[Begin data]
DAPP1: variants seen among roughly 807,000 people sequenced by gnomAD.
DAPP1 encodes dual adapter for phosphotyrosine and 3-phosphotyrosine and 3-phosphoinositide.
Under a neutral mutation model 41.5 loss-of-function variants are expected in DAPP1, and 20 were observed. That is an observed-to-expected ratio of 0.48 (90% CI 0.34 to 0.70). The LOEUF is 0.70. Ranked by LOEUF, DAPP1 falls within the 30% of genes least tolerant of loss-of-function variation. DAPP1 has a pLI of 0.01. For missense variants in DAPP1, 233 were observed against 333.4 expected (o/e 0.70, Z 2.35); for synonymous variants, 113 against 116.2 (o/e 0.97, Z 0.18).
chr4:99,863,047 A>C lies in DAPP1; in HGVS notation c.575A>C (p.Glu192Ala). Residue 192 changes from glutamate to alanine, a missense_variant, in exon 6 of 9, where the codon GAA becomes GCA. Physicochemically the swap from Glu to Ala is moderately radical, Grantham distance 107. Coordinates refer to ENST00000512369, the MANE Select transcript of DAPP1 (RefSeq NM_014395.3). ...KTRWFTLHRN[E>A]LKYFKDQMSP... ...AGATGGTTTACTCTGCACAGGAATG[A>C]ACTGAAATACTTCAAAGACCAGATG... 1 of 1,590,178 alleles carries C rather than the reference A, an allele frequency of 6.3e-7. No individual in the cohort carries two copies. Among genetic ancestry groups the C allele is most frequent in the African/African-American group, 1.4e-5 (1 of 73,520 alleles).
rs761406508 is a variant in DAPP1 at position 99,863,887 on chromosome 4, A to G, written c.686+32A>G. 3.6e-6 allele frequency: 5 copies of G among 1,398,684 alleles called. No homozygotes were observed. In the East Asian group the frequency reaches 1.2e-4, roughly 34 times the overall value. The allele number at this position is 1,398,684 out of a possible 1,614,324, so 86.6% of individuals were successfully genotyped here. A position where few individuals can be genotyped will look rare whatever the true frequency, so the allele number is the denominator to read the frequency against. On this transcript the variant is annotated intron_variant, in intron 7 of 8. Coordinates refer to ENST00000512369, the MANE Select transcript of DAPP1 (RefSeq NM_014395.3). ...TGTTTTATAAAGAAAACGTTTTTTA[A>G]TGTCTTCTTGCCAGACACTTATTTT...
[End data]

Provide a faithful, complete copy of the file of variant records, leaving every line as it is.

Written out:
DAPP1: variants seen among roughly 807,000 people sequenced by gnomAD.
DAPP1 encodes dual adapter for phosphotyrosine and 3-phosphotyrosine and 3-phosphoinositide.
Under a neutral mutation model 41.5 loss-of-function variants are expected in DAPP1, and 20 were observed. That is an observed-to-expected ratio of 0.48 (90% CI 0.34 to 0.70). The LOEUF is 0.70. Ranked by LOEUF, DAPP1 falls within the 30% of genes least tolerant of loss-of-function variation. DAPP1 has a pLI of 0.01. For missense variants in DAPP1, 233 were observed against 333.4 expected (o/e 0.70, Z 2.35); for synonymous variants, 113 against 116.2 (o/e 0.97, Z 0.18).
chr4:99,863,047 A>C lies in DAPP1; in HGVS notation c.575A>C (p.Glu192Ala). Residue 192 changes from glutamate to alanine, a missense_variant, in exon 6 of 9, where the codon GAA becomes GCA. Physicochemically the swap from Glu to Ala is moderately radical, Grantham distance 107. Coordinates refer to ENST00000512369, the MANE Select transcript of DAPP1 (RefSeq NM_014395.3). ...KTRWFTLHRN[E>A]LKYFKDQMSP... ...AGATGGTTTACTCTGCACAGGAATG[A>C]ACTGAAATACTTCAAAGACCAGATG... 1 of 1,590,178 alleles carries C rather than the reference A, an allele frequency of 6.3e-7. No individual in the cohort carries two copies. Among genetic ancestry groups the C allele is most frequent in the African/African-American group, 1.4e-5 (1 of 73,520 alleles).
rs761406508 is a variant in DAPP1 at position 99,863,887 on chromosome 4, A to G, written c.686+32A>G. 3.6e-6 allele frequency: 5 copies of G among 1,398,684 alleles called. No homozygotes were observed. In the East Asian group the frequency reaches 1.2e-4, roughly 34 times the overall value. The allele number at this position is 1,398,684 out of a possible 1,614,324, so 86.6% of individuals were successfully genotyped here. A position where few individuals can be genotyped will look rare whatever the true frequency, so the allele number is the denominator to read the frequency against. On this transcript the variant is annotated intron_variant, in intron 7 of 8. Coordinates refer to ENST00000512369, the MANE Select transcript of DAPP1 (RefSeq NM_014395.3). ...TGTTTTATAAAGAAAACGTTTTTTA[A>G]TGTCTTCTTGCCAGACACTTATTTT...